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Publication numberUS5696314 A
Publication typeGrant
Application numberUS 08/679,089
Publication dateDec 9, 1997
Filing dateJul 12, 1996
Priority dateJul 12, 1996
Fee statusPaid
Also published asDE69733608D1, DE69733608T2, EP0910794A1, EP0910794B1, WO1998002736A1
Publication number08679089, 679089, US 5696314 A, US 5696314A, US-A-5696314, US5696314 A, US5696314A
InventorsRobert McCaffrey, Bonnie Dalzell, Katarina Tkacik, Susan Holbert, Mark Boden, James Flaherty, Michael Flanagan, Josef Brown, Kimiya Takeshita, Peter Edelman
Original AssigneeChiron Diagnostics Corporation
Export CitationBiBTeX, EndNote, RefMan
External Links: USPTO, USPTO Assignment, Espacenet
Multilayer enzyme electrode membranes and methods of making same
US 5696314 A
Abstract
An electrochemical sensor is designed for use in detecting a concentration of an analyte in a sample solution. The sensor to have a longer useful lifetime, improved stability and improved response time for single or multiple use applications. In one aspect, some of these goals are achieved by providing the multilayer enzyme electrode membrane having both nonporous and microporous layers. The microporous layer is formed from a polymer binder, a polymer powder, a surfactant and a mineral powder. In another aspect, certain of these goals are achieved by the use of a layer comprised of an enzyme disposed within a polymer matrix. In certain embodiments, the multilayer enzyme electrode membrane includes an outermost layer which is capable of dissolving in the sample solution such that the interface between the multilayer enzyme electrode membrane and the sample solution is continually renewed. The sensor provides an electrical current output proportional to the reagent chemical interaction of the analyte with an immobilized enzyme layer during exposure of the sensor in such solution.
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Claims(55)
What is claimed is:
1. A sensor for measuring a concentration of an analyte in a solution, the sensor comprising:
a substrate layer formed from an electrically insulating material;
an electrode layer formed from an electrically conductive material, the electrode layer being disposed over and supported by the substrate layer;
an immobilized enzyme layer including an enzyme immobilized in a support member, the immobilized enzyme layer being disposed over and supported by the electrode layer;
a microporous layer formed from a polymer powder, a mineral powder and a polymer binder, the microporous layer being disposed over and supported by the immobilized enzyme and substrate layers.
2. A sensor in accordance with claim 1, further comprising an adhesive layer disposed between the immobilized enzyme layer and the microporous layer.
3. A sensor in accordance with claim 2, wherein the adhesive layer is formed from a silane.
4. A sensor in accordance with claim 2, wherein the adhesive layer is formed from aminopropyltriethoxysilane.
5. A sensor in accordance with claim 1, wherein the enzyme of the immobilized enzyme layer is lactate oxidase.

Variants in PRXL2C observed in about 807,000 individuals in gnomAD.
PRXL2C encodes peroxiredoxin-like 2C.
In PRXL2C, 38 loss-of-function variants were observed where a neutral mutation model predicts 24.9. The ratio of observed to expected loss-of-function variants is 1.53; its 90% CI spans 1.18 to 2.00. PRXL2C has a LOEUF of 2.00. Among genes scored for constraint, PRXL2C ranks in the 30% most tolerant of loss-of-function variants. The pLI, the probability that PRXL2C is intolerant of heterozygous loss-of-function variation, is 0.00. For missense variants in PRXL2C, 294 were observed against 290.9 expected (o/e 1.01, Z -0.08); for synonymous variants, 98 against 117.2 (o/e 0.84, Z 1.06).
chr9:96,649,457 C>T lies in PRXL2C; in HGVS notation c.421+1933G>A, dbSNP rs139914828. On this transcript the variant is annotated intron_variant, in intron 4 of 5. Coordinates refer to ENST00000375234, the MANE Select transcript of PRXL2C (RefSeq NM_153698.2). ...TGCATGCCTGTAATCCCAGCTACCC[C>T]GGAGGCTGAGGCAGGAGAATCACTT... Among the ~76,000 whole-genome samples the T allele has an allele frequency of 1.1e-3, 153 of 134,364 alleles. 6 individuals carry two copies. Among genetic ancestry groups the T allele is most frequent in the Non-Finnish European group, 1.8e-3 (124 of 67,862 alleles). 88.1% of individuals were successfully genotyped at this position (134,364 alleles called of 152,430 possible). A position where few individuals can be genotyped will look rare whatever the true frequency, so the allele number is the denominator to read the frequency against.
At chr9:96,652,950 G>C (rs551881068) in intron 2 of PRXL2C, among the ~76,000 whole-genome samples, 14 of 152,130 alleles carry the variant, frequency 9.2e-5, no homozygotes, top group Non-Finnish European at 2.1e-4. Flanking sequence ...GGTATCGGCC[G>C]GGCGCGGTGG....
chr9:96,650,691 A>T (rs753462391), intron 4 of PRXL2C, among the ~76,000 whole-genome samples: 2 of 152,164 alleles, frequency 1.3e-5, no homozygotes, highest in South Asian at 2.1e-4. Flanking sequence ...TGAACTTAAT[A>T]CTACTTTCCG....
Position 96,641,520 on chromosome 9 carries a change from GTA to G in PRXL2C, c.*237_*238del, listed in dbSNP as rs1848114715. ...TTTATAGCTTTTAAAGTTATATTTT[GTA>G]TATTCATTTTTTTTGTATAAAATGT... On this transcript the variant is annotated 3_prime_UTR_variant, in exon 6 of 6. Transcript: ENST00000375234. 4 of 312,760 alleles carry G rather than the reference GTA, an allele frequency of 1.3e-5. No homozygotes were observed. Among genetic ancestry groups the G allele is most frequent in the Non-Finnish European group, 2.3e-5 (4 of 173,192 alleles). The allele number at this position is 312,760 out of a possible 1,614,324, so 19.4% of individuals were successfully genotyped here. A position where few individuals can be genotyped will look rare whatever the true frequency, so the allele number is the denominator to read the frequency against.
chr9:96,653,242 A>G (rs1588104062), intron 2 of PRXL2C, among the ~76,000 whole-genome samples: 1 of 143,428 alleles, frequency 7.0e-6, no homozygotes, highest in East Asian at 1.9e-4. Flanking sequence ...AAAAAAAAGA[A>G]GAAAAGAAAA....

6. A sensor in accordance with claim 5, further comprising an enzyme-polymer layer including lactate oxidase disposed in a polymer matrix of said enzyme polymer layer, the enzyme polymer layer being disposed above the immobilized enzyme layer.
7. A sensor in accordance with claim 1, further comprising an enzyme-polymer layer including an enzyme disposed in a polymer matrix of said enzyme-polymer layer, the enzyme polymer layer being disposed above the immobilized enzyme layer.
8. A sensor in accordance with claim 7, wherein the enzyme of the enzyme-polymer layer is lactate oxidase.
9. A sensor in accordance with claim 7, wherein the enzyme-polymer layer further comprises a polymer.
10. A sensor in accordance with claim 9, wherein the polymer of the enzyme-polymer layer is capable of assisting in maintaining a natural conformation of the enzyme of the enzyme-polymer layer.
11. A sensor in accordance with claim 9, wherein the polymer of the enzyme-polymer layer is a polyhydric alcohol.
12. A sensor in accordance with claim 1, further comprising a surfactant-polymer layer comprising a surfactant and a polymer.
13. A sensor in accordance with claim 12, wherein the surfactant is a non-ionic surfactant.
14. A sensor in accordance with claim 13, wherein the non-ionic surfactant is a perfluorinated alkylalkoxylate.
15. A sensor in accordance with claim 12, wherein the polymer of the surfactant-polymer layer is selected from the group consisting of polyvinyl pyrrolidones, gelatins, polyvinyl alcohols, polyhydroxyethylmethacrylate and mixtures thereof.
16. A sensor in accordance with claim 15, wherein the polymer of the surfactant-polymer layer is a polyvinyl alcohol.
17. A sensor in accordance with claim 1, further comprising a stabilizing layer formed from a polymer.
18. A sensor in accordance with claim 17, wherein the polymer of the stabilizing layer is selected from the group consisting of polyvinyl pyrrolidones, gelatins, polyvinyl alcohols, polyhydroxyethylmethacrylate and mixtures thereof.
19. A sensor in accordance with claim 18, wherein the polymer of the stabilizing layer is a polyvinyl alcohol.
20. A sensor in accordance with claim 1, wherein the mioroporous layer further includes a surfactant.
21. A sensor for measuring a concentration of an analyte in a solution, the sensor comprising:
a first layer formed from an electrically insulating material;
a second layer formed from an electrically conductive material, the second layer being disposed over and supported by the first layer;
a third layer formed from a dielectric material, the third layer being disposed over and supported by the first layer;